The words "deadly" "blind" "masseur" may not appear to go well together, especially when combined with "swordfighting," but from the 1960's through the 1980's the object of that descriptor ruled Japan's cinemas. As portrayed by actor Shintaro Katsu in 26 films, Zatoichi was a blind masseur whose walking cane concealed a deadly sword and whose loner mystique masked his sympathy for the oppressed. The iconic character re-emerges in this entertaining and idiosyncratic 2004 interpretation, complete with a platinum blonde haircut, a transgendered prostitute friend, and a tap-dancing performance art troupe. Now played by director "Beat" Takeshi Kitano, Zatoichi wanders into a town ruled by power-hungry overlords. Taking refuge with a kindly peasant woman and her slackjawed nephew, he attracts the attention of two deadly geishas, who are looking for the people who slaughtered their family, and a silent samurai, who's taken up with the gang leaders to earn money for his dying wife. Outcasts all, their lives are fated to intersect in a flurry of flashing steel and enough spurting blood to turn Tarantino green with envy. "With Zatoichi, what you see is what you get," writes Kitano of this old-fashioned crowd-pleaser, but the film is far more than spinning swords and geysers of gushing plasma. Featuring costumes by famed designer Yohji Yamada, choreography by the performance troupe The Stripes, and Kitano's usual warped approach to comedy, Zatoichi takes us beyond the sword-opera genre into the realm of pure visual spectacle.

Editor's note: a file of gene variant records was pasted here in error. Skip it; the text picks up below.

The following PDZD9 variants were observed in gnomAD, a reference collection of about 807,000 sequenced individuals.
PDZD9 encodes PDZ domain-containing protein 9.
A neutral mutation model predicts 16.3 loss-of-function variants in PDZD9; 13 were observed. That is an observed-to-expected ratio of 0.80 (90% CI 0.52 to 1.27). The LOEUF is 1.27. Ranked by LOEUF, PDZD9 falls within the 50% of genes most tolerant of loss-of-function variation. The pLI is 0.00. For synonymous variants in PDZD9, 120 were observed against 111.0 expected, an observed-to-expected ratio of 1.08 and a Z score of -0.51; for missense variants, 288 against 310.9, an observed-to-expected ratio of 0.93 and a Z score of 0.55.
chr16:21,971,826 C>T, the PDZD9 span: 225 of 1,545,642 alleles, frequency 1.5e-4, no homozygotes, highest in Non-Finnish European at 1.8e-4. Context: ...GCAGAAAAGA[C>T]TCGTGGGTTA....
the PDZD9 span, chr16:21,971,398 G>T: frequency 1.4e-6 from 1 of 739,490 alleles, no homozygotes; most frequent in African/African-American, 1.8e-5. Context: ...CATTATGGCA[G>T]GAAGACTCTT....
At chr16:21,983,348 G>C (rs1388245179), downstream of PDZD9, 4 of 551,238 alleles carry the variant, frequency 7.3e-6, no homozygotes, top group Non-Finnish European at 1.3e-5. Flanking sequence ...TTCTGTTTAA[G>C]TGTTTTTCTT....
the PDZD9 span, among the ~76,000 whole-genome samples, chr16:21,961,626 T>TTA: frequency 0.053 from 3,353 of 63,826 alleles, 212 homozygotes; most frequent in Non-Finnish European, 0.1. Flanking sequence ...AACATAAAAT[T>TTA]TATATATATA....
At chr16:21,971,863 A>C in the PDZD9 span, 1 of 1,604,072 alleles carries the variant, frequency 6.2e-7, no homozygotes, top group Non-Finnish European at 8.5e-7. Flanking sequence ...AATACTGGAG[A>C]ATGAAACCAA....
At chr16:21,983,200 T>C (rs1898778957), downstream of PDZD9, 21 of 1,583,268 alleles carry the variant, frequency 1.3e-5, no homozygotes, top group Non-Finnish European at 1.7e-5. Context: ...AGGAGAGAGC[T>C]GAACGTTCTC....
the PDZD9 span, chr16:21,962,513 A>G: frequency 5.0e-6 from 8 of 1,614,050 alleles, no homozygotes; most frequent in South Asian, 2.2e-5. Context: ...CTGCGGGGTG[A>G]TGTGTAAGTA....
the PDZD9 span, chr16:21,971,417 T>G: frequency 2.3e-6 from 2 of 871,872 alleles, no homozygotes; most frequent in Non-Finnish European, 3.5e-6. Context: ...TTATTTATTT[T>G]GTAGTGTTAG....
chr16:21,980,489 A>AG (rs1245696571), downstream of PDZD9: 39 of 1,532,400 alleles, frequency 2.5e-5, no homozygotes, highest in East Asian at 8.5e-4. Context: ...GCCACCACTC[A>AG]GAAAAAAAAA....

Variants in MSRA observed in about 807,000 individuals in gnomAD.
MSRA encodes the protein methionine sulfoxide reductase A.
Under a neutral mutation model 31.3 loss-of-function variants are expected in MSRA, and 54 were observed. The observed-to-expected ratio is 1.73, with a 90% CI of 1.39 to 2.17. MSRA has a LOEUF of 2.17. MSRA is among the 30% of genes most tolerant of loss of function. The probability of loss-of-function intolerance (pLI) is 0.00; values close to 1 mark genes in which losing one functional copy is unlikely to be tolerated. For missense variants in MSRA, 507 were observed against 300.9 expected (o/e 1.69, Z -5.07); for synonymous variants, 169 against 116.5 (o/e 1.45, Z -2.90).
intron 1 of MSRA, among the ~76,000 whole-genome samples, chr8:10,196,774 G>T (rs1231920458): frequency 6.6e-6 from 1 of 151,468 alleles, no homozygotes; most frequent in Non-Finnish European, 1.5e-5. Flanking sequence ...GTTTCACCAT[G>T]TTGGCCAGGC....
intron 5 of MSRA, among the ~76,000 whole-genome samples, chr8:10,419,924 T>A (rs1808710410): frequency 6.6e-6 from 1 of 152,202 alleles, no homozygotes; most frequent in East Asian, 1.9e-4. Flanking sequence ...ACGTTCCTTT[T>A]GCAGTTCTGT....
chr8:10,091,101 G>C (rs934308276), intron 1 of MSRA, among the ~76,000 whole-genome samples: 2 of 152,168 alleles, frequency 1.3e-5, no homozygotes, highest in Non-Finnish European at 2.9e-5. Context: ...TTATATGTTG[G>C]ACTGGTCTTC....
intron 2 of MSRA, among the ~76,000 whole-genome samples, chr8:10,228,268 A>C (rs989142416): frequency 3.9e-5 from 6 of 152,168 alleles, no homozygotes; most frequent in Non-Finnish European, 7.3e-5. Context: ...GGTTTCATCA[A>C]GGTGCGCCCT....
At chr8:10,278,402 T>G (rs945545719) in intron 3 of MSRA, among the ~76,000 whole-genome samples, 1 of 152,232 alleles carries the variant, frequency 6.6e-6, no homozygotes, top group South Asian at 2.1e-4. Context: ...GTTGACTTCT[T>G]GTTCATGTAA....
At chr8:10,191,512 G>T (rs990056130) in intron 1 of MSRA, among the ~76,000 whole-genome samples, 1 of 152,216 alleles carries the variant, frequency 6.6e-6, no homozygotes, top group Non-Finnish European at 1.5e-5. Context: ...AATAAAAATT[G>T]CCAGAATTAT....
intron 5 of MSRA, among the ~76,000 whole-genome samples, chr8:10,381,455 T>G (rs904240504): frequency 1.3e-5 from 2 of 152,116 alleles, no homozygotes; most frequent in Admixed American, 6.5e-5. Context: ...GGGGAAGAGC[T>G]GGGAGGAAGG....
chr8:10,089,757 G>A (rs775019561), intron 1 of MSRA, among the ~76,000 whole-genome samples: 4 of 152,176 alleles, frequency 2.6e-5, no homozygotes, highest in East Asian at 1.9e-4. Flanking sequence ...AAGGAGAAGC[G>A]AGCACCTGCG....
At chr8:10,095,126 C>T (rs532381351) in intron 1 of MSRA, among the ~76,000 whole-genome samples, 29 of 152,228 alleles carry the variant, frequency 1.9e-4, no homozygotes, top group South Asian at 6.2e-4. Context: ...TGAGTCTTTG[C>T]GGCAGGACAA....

About the Director(s)Collapse
Takeshi Kitano was born in Tokyo, in 1947, and entered show business in 1972 using the stage name Beat Takeshi. As part of the comic duo Two Beats, Kitano was one of the leading figures in the manzai (Japanese stand-up comedy) boom of the late 1970s. He first won international attention as an actor for his role in Merry Christmas, Mr. Lawrence, and has gone on to appear in more than 70 films, including Johnny Mnemonic and Battle Royale. Kitano is also an acclaimed director of films as diverse as yakuza gangster tales (Violent Cop, Sonatine, Brother), slice-of-life comedy (Kikujiro), and drama (Kids Return, Dolls). His film Hana-bi (Fireworks), won the Golden Lion at the 1997 Venice Film Festival and was named Best Non-European Film by the European Film Academy. Kitano is also an accomplished cartoonist and painter -- as seen in Hana-bi and Kikujiro -- and has written a number of novels and collections of short stories, essays, and poetry.